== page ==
Supporters of the RAISE Act are counting on the media, voters, and policy makers to focus on talking points supporting the bill rather than its actual substance. Those supporters want the debate over this bill to be “skilled or merit based immigrants versus family-based immigrants” – a debate that they could win. But they can only do that if everybody focuses on the talking points and they remain ignorant of the actual contents of the bill. The RAISE Act talking points are grossly deceptive, at best, and do not accurately describe the bill’s contents or what its effects would be. Each heading below is a major talking point that RAISE’s supporters are using followed by what the facts actually are.
“The RAISE Act creates a merit and skills-based immigration system.”
The RAISE Act does not increase merit and skills-based immigration over the existing cap. The bill sets an annual cap of 140,000 green cards annually for merit and skills-based immigrants – the exact same number apportioned to the current employment-based green card for skilled workers. The RAISE Act merely cuts other immigration categories, such as family-based green cards, while creating a points system for obtaining one of the 140,000 merit and skills-based green cards. Cutting family reunification does not create a merit or skills-based immigration system.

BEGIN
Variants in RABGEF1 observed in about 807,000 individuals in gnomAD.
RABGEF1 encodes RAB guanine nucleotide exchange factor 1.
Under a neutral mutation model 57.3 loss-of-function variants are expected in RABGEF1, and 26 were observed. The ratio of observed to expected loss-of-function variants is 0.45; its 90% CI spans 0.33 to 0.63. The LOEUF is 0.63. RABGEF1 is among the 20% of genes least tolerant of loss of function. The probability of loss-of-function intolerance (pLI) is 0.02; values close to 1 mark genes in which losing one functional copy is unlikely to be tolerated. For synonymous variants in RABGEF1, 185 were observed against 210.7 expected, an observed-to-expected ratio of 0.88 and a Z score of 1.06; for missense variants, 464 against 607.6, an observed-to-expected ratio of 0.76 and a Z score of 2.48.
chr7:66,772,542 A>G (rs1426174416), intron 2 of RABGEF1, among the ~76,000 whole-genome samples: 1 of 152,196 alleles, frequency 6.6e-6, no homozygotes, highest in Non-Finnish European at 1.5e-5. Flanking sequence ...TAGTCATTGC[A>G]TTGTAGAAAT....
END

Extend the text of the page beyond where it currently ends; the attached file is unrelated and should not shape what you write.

“The RAISE Act is very similar to the merit-based Canadian and Australian immigration systems”
The Canadian and Australian merit-based immigration systems are far more open than either current U.S. immigrant law or what the RAISE Act would create. As a percent of the population, which is the only meaningful way to compare the size of immigrant flows in different countries or across time, the Australian and Canadian merit-based immigration policies allow about 3.5 and 2.4 times as many immigrants annually as the United States, respectively. The RAISE Act would widen this gulf even further whereby the annual immigrant flows to Australia and Canada would be about 7.9 and 5.3 times as great as to the United States.